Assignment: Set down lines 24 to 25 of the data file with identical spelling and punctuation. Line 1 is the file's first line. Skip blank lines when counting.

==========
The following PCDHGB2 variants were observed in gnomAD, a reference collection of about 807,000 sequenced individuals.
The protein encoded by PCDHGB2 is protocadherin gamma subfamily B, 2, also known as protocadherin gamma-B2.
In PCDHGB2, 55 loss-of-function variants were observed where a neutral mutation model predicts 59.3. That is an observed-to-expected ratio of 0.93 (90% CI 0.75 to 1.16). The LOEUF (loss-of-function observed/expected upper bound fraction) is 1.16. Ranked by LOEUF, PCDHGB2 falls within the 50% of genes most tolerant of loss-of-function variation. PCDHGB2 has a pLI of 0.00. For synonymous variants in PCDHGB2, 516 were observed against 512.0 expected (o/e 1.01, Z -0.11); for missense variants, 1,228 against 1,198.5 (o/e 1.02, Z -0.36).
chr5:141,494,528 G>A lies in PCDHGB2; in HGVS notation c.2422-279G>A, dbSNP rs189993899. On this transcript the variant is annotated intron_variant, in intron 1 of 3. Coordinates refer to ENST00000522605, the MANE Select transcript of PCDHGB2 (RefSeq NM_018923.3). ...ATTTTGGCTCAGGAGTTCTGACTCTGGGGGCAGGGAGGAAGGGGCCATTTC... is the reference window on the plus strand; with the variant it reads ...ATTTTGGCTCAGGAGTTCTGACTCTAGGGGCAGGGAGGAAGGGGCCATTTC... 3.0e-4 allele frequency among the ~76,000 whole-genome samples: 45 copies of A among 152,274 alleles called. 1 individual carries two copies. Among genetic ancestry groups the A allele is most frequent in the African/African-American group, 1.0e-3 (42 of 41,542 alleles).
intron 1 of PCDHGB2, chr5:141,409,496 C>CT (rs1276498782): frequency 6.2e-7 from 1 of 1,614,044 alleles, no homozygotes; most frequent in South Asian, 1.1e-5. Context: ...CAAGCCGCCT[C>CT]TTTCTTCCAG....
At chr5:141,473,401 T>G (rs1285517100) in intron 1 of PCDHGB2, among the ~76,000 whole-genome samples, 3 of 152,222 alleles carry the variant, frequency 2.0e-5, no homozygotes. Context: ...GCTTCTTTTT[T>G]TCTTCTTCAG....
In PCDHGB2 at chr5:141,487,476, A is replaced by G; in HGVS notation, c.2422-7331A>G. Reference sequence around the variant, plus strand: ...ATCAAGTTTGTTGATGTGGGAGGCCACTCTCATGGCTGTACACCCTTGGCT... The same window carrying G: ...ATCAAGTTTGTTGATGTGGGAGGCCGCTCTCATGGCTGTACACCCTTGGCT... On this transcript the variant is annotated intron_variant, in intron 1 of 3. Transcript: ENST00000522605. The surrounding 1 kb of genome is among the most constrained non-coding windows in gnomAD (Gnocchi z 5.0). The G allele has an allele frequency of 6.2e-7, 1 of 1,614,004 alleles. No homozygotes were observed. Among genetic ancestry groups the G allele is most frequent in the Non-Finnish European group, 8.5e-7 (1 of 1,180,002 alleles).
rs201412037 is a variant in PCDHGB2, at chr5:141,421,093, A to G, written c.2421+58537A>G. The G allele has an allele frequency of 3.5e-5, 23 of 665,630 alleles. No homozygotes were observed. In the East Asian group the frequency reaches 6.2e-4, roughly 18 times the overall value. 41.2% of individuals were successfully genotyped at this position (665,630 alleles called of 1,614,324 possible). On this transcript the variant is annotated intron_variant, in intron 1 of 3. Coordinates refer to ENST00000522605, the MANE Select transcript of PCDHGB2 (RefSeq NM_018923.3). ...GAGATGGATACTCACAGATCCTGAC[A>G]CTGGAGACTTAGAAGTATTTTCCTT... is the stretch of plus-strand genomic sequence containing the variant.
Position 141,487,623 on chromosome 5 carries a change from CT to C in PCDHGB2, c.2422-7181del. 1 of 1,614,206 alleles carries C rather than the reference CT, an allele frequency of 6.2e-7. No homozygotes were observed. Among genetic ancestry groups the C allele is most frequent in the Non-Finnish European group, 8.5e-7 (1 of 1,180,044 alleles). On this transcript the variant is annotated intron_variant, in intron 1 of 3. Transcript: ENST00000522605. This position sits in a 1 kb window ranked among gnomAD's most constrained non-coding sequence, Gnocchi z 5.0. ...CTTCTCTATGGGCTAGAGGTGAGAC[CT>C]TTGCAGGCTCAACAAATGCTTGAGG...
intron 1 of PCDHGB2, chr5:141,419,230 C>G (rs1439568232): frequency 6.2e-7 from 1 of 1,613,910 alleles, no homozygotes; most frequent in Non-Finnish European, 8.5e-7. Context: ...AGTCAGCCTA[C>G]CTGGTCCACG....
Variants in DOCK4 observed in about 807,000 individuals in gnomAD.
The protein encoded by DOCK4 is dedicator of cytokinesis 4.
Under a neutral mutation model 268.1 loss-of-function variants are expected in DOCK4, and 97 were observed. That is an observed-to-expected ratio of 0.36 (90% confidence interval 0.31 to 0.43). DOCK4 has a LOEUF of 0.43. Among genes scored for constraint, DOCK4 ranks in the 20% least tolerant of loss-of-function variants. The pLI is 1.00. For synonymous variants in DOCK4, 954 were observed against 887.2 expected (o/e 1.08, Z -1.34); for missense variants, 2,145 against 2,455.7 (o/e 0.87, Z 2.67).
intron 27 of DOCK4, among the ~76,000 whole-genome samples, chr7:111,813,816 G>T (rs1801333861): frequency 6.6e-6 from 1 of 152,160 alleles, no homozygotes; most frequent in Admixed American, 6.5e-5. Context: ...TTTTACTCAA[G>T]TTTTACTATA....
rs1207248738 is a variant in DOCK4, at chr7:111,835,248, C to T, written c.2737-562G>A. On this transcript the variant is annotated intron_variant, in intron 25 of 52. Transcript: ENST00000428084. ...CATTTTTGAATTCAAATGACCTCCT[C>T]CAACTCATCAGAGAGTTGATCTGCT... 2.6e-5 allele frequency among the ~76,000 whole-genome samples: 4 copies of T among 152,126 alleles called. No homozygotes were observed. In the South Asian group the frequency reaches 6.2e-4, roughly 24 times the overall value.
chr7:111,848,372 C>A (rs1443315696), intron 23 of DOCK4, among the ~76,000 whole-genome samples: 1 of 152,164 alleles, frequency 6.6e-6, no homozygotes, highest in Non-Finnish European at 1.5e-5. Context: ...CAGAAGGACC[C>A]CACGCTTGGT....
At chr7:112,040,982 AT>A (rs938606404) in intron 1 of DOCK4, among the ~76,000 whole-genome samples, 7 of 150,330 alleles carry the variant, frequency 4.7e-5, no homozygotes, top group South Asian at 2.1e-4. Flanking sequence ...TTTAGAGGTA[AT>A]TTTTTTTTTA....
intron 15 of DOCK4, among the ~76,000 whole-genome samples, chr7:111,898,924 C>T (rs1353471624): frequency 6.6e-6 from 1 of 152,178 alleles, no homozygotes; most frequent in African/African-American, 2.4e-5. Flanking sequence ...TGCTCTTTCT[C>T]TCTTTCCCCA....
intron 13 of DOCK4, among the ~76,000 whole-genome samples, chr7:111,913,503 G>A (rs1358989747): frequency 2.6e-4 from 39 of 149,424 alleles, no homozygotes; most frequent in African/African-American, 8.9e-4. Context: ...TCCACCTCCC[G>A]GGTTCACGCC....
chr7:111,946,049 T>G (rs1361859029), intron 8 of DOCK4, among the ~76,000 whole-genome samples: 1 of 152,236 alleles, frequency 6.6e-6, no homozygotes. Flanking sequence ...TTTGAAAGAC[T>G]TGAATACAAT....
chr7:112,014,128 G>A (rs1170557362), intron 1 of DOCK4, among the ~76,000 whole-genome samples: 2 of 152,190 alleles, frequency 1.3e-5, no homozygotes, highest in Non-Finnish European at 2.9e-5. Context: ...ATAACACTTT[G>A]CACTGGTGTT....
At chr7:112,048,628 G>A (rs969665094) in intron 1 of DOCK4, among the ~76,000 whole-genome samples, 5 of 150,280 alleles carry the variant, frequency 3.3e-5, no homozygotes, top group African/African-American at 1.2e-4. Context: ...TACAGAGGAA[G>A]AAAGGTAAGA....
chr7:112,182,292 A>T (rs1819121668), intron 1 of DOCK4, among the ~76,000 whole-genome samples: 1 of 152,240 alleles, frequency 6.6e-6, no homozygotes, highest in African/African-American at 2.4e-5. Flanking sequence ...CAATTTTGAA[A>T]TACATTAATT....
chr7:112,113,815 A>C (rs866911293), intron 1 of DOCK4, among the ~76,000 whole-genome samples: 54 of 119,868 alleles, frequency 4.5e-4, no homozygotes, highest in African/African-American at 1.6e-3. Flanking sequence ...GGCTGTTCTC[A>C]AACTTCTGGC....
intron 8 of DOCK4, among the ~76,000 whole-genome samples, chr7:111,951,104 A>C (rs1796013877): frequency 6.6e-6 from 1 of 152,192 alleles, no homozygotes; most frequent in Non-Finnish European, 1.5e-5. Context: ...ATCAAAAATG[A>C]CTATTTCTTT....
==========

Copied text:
chr7:112,113,815 A>C (rs866911293), intron 1 of DOCK4, among the ~76,000 whole-genome samples: 54 of 119,868 alleles, frequency 4.5e-4, no homozygotes, highest in African/African-American at 1.6e-3. Flanking sequence ...GGCTGTTCTC[A>C]AACTTCTGGC....
intron 8 of DOCK4, among the ~76,000 whole-genome samples, chr7:111,951,104 A>C (rs1796013877): frequency 6.6e-6 from 1 of 152,192 alleles, no homozygotes; most frequent in Non-Finnish European, 1.5e-5. Context: ...ATCAAAAATG[A>C]CTATTTCTTT....